Link volunteers: ensuring success in community sanitation
By Sumithra Thangavelu
Nagapattinam was the hardest hit district in Tamil Nadu during the December 2004 tsunami. The days following the disaster increased the community’s risk to infectious diseases. Inadequate sanitation facilities in their tin tenements added to the problem.
A volunteer task force was formed to bring about behavioural changes in hygiene practices of the community and create situations to motivate them to avoid unhealthy living. Started as an experiment in 10 shelters with 84 volunteers, the concept grew to include 350 volunteers, working in 42 shelters in the district.The volunteers’ work has served to raise people’s awareness on how practices such as washing hands with soap after defecation, before cooking food and before meals, using latrines, disposing garbage and safe handling of drinking water will lead to better health.
Ariyanattu Theru, home to 600 families, was not too long ago a mess of trash and overflowing gutters. It’s a different scene today: lanes are swept clean, drains cleared and garbage segregated into biodegradable and non-biodegradable waste.
Outside every shelter is a small pit dug to hold the water collected after vessels and clothes are washed. Toilets are cleaned every day and drinking only boiled water is an unwritten rule. “Even my grandchild insists on having boiled water,’’ says Sivagami, 55.
To make the residents in the area responsive to their environment, the team of 18 uniformed volunteers went door to door, explaining why sanitation and hygiene was crucial for them. “It was a slow process. Thankfully, they began to understand the necessity,’’ says Palaniammal, a volunteer.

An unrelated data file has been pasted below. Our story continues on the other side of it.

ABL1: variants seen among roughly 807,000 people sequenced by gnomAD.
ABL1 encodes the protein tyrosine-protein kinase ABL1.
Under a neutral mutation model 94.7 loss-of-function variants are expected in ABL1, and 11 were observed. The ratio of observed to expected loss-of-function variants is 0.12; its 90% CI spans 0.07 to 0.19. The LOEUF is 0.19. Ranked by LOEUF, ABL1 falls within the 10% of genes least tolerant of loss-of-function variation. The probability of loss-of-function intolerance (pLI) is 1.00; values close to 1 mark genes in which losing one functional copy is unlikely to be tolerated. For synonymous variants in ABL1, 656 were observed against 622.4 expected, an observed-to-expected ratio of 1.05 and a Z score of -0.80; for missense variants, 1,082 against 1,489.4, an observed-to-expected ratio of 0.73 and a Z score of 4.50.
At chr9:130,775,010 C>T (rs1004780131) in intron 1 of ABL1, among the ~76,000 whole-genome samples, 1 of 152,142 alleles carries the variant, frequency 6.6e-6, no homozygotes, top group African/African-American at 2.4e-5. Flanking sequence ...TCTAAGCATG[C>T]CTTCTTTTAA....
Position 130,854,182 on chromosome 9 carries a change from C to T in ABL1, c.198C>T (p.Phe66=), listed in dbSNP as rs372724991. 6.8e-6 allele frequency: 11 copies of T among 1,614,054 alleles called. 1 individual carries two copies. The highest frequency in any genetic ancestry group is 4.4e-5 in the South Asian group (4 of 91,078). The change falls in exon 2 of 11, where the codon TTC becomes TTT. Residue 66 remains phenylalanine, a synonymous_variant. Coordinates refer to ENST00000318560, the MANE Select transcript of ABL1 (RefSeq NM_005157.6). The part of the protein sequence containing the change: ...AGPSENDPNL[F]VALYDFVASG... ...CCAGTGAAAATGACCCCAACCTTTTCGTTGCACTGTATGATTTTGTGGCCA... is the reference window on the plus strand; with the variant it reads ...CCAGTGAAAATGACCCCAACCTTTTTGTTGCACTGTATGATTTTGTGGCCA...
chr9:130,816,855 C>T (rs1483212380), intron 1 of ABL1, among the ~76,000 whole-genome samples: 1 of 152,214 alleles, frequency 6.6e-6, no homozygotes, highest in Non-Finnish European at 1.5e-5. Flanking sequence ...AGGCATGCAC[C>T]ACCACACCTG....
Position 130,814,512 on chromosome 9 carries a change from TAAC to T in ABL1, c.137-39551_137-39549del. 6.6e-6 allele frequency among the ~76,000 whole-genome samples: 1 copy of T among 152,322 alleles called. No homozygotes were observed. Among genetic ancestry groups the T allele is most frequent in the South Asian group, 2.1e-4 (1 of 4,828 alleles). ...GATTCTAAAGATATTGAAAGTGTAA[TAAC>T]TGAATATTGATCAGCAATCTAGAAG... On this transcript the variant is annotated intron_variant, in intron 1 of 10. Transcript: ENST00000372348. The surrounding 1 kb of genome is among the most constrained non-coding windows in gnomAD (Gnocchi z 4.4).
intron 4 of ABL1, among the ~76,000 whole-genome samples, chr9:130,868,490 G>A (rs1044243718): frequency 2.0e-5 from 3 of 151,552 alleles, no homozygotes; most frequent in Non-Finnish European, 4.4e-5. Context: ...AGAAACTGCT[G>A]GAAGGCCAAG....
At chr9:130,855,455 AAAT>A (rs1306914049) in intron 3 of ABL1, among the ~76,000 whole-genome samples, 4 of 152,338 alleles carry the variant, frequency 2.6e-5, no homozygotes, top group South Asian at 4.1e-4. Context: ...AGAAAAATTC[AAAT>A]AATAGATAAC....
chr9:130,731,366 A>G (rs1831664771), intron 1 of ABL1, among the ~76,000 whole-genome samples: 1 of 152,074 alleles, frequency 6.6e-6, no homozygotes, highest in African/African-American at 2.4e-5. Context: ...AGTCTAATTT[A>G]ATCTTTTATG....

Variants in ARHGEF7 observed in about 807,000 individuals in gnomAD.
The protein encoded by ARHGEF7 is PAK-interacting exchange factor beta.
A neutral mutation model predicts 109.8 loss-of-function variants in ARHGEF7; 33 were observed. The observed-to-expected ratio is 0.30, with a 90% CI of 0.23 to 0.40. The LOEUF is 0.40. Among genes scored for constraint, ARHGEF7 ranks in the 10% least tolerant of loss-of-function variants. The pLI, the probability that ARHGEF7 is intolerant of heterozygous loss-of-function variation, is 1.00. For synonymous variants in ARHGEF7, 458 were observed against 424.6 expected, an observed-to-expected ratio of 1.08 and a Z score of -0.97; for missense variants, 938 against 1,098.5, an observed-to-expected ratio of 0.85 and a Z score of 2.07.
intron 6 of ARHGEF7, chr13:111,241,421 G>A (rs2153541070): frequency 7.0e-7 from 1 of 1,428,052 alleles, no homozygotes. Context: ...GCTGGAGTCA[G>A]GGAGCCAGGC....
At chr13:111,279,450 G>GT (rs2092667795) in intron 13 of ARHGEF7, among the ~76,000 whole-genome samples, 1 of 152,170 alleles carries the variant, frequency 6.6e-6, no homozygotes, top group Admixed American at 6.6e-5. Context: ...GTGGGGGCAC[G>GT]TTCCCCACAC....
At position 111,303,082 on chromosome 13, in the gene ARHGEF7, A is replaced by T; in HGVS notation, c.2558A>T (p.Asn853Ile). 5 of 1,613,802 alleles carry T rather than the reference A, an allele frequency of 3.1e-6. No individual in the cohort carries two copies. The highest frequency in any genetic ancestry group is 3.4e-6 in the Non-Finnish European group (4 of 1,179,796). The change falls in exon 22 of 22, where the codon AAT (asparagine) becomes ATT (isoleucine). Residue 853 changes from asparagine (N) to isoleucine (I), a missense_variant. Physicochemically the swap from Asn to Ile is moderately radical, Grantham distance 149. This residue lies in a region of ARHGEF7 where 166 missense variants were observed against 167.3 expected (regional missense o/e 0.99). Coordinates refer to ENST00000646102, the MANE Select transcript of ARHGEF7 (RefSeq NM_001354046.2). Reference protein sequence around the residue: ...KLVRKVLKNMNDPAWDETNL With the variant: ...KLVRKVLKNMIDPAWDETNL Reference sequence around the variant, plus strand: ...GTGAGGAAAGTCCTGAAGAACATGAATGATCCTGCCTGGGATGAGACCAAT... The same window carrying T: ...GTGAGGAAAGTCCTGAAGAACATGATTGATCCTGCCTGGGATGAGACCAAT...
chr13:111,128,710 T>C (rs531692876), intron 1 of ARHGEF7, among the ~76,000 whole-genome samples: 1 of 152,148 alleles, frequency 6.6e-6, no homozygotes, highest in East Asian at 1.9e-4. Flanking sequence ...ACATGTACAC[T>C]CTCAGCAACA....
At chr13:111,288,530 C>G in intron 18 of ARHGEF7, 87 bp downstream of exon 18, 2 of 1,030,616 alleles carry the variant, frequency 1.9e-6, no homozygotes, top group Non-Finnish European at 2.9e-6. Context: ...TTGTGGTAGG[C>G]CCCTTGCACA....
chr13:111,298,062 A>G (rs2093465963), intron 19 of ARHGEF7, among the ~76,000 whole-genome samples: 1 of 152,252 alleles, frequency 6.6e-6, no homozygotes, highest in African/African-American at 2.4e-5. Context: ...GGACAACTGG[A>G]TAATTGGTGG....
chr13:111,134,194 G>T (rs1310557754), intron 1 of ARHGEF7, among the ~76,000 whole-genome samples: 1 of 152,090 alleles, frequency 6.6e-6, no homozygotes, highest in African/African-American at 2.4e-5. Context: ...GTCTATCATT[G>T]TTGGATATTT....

Link volunteers act as a `link’ between the authorities and the tsunami-affected communities. They are selected from within the community and have knowledge of existing levels of hygiene in the area, making them an important point of reference to facilitate good sanitation practices. Each volunteer monitors 50 families to impart knowledge on clean living, and to establish real gains in terms of improved health conditions.
A change for the better
Six months ago, stagnant water surrounded Vadivazhagi’s home and undisposed garbage attracted mosquitoes in hoards. Vadivazhagi often picked a fight with the volunteers for constantly pinpointing poor hygiene standards in her lifestyle. “Now, all water drains into the pit outside and there’s no fish hanging to dry,” says Vadivazhagi, smiling.
To help children progress to a healthy life, volunteers hold sessions for them every week, to discuss why they must wear slippers to the toilet, wash their hands before and after each meal, and not dispose garbage near their home. “Now I throw all waste into the garbage bins provided, and wash my hands after using the toilet” says Sathyan, a boy in class VIII.
Supplementing the team effort, awareness campaigns conducted every month deliver messages of improving hygiene through song, drama and kummi (a folk dance of Tamil Nadu). Municipal workers also help the volunteers in their work.
Simply having access to sanitation has created a meaningful change in the hygiene practices of hundreds of families in Nagapattinam. A real testimony to the transformation is that when 40-year-old Thilakavathy picks up a cup to drink water, she will make sure the cup is clean and the water boiled.